Washington’s third largest city has led the way on housing law reform with a 60-day notice requirement and a powerful new information-sharing system that keeps landlords and tenants in the know.
IN April 2018, all the residents of a 58 unit apartment complex in Tacoma, Washington apartment complex received notices to vacate from their property manager. Half of them were given just 25 days to move out.
Today, providing such a short notice in Tacoma is illegal thanks to the work of ChiQuata Elder, the city’s Landlord-Tenant Coordinator. By bringing together a stakeholder group of tenants, landlords, legal counsel, homelessness services and city code enforcement, she was able to spearhead an effort in which they all rewrote Tacoma’s rental housing code—together.
Implemented with unanimous city council approval in February 2019, the new code instituted a 60-day notice to vacate requirement and a three phase information-sharing system to improve relationships between renters and owners.
“I told landlords, ‘You have the opportunity to work with us on something,’” she recalls, in an interview with the Eviction Learning Lab. “It’s about trust and getting them together; landlords didn’t get everything they wanted and tenants didn’t get everything they wanted but everybody got something we could live with.”
Tacoma’s success story is a blueprint for other cities seeking to keep people housed in the wake of the COVID-19 pandemic. While the federal government has made headlines by passing eviction moratoria and providing over $25 billion in rent relief, local governments have far more power in determining the course evictions follow.
By having a Landlord-Tenant Coordinator like Elder, Tacoma was already a step ahead of most other municipalities. She said having a position like hers was crucial to getting stakeholders on board.
“When landlords go to city council and say, ‘This or that is a big problem,’ I could say, ‘I do this every day, we had only two phone calls about that,’” she said. “And at the same time, it was brought up that tenants don’t take notices seriously, which I knew was true— people were getting in touch with my office way too late for me to help them.”
Elder’s group set out to create more time for tenants to relocate when facing a potential eviction. Ashley Duckworth, the city’s rental housing specialist who previously served as a paralegal at Tacoma’s Housing Justice Project and recently joined Tacomaprobono as assistant director, indicated her city’s previous 20-day notices didn’t give people enough warning.
“I certainly couldn’t move homes with 20 days notice,” she said in an interview.
In addition to the extended notice period, Elder’s stakeholder group sought to better inform landlords and renters alike of the city’s housing laws. The idea, a three-phase set of required actions, benefits landlords by improving communication with tenants and allows tenants to learn their rights.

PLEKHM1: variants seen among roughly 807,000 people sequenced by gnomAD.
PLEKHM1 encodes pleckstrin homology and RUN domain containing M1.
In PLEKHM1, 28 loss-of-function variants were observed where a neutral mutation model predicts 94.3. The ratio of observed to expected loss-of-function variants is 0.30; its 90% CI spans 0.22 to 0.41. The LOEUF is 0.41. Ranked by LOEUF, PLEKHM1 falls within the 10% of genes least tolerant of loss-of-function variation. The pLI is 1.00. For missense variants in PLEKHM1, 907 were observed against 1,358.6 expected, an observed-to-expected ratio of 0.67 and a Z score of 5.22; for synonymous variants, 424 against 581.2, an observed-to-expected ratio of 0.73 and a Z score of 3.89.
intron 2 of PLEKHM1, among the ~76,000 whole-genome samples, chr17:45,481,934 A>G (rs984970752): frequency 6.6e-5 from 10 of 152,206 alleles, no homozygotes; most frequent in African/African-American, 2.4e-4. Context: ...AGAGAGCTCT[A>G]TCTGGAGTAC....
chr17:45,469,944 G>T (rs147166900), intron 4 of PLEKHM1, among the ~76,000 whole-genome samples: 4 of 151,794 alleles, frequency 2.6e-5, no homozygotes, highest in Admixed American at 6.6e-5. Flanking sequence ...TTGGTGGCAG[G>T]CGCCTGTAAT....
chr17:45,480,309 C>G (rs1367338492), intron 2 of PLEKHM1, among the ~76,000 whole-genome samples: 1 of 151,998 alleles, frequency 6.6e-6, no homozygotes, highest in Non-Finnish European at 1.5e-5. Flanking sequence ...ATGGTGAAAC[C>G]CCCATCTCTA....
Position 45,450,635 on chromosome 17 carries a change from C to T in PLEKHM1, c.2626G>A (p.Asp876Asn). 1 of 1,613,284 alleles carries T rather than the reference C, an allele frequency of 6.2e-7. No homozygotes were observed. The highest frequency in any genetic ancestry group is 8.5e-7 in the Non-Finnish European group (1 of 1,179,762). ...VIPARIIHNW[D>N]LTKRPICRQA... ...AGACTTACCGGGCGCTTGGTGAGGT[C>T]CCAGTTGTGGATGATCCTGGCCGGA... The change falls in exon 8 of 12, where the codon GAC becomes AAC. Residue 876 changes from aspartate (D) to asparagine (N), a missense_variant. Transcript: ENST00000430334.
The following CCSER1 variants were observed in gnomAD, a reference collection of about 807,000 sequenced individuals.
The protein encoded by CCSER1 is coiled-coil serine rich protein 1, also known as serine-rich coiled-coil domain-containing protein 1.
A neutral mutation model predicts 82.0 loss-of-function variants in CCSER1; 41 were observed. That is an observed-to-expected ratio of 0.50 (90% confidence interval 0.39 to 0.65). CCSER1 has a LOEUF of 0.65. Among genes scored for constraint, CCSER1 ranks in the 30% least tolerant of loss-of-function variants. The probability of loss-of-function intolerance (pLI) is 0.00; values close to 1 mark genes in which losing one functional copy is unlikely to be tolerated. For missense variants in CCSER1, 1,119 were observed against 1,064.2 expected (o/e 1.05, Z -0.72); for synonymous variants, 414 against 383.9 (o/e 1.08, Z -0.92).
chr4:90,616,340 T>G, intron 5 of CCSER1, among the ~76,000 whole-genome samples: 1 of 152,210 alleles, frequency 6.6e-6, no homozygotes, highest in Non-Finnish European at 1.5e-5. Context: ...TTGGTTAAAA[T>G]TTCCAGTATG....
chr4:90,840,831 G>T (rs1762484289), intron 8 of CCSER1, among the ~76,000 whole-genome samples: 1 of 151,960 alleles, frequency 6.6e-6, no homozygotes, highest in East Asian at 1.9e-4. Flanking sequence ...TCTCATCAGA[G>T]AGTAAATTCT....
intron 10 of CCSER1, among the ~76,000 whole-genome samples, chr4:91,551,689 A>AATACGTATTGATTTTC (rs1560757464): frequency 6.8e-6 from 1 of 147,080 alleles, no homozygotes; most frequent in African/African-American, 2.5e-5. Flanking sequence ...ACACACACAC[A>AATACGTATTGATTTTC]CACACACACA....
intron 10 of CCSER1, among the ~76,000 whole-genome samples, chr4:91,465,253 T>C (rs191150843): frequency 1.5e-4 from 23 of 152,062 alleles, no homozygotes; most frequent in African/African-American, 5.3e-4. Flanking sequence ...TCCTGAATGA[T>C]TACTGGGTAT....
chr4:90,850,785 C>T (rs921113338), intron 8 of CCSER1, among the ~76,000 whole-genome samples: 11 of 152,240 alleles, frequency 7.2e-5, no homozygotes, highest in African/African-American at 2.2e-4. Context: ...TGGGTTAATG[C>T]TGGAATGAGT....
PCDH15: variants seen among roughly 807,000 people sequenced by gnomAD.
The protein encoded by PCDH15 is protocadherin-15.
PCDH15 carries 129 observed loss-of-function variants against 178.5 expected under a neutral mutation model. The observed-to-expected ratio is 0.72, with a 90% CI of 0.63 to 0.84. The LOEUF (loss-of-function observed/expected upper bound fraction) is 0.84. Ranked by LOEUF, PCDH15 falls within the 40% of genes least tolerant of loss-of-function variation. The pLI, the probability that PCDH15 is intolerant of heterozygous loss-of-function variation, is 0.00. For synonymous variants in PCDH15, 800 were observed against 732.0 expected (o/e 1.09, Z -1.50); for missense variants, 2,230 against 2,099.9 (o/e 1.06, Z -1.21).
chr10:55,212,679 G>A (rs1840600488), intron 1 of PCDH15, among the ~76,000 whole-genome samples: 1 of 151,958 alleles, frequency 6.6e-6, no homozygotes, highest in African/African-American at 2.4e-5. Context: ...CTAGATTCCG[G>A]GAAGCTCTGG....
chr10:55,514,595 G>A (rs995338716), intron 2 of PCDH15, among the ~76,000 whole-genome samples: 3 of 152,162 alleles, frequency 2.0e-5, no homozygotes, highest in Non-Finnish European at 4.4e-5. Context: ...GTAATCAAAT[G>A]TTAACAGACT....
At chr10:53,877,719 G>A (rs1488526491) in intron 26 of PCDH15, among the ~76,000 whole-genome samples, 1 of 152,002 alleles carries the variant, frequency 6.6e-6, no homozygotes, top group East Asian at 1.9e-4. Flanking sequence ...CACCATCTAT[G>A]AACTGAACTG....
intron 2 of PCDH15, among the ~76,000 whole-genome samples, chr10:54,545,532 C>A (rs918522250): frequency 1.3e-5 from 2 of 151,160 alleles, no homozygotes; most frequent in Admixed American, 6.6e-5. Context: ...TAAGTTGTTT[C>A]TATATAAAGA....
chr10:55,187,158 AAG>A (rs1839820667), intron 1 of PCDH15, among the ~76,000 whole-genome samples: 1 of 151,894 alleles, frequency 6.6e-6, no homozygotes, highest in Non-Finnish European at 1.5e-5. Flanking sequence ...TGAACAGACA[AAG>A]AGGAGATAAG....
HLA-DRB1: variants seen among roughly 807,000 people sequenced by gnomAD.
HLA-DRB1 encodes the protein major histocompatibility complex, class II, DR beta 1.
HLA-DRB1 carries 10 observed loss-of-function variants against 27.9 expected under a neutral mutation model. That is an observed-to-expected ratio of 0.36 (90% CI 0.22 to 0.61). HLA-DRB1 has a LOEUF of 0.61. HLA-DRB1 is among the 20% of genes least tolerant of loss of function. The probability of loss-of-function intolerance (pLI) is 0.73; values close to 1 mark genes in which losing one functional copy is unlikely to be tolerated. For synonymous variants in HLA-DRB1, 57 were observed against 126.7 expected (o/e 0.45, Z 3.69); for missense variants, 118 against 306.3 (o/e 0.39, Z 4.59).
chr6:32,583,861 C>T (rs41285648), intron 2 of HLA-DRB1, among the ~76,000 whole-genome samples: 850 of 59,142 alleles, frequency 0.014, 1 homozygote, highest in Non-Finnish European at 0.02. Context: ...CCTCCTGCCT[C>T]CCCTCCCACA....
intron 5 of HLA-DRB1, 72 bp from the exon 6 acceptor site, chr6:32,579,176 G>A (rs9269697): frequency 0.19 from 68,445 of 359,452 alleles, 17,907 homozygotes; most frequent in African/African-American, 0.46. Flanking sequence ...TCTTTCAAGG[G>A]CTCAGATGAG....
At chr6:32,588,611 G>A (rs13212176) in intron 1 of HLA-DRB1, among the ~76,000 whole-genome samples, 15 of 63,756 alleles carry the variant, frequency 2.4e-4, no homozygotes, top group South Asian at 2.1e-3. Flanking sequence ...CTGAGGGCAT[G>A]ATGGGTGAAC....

The first requirement directs landlords to educate tenants from the start of their relationship. Before a lease is even signed, landlords have to give tenants a link to a website where they can see if the landlord has code violations or discrimination complaints filed against them.
“We want tenants making decisions that are best for their household,” Elder said, noting upfront disclosure can avert future conflicts. “If there’s a mold issue and you have a respiratory issue, you might not want to rent there; the first phase can help renters make those decisions.”
The second phase occurs if a prospective tenant decides to sign a rental agreement. At that point, the landlord is required to provide a 28-page printed tenants’ rights information packet, available at the city’s website. The packet includes City summaries on the local rental housing code, minimum buildings and structure code, fair housing laws, and the Washington State Residential Landlord-Tenant Act, among other things.
“They have to print it out because lots of people don’t use email regularly,” Elder said. “And they have to re-supply it once a year if the lease goes month to month.”
The third phase occurs if and when a landlord issues any kind of notice that can lead to eviction, including notices to vacate and rent increases. Attached to the notice must be a list of resources for tenants to connect with Elder’s Landlord-Tenant Services office, as well as contacts for free legal advice.
“It saves landlords money, because when tenants don’t take notices seriously, then landlords have to start the eviction process,” Elder noted. “But if the tenants know the notice is a legal one, and they see the resources available, they take it seriously and may not face eviction consequences at all.”
If landlords fail to comply with any of these three requirements, tenants can use it as an affirmative defense to eviction. Elder said her office can also issue a $250 fine per day that a requirement is unfollowed.
“We sent information about the requirements to all the city’s licensed renters,” Elder said. “There’s been a couple landlords we had to call a couple times but we haven’t had to use the enforcement mechanism.”
Because the code was only implemented a year before COVID-19 hit, the city can’t say for sure how many evictions have been averted thanks to the changes: since March 2020, no notices to vacate have been issued due to federal and state moratoria. However, Elder said the city saw a huge decline in eviction filings when the new code took effect.
“It’s really a partnership between landlords, cities, and tenants,” she said. “We all need each other, so the easier we can make it on all sides is going to benefit everyone.”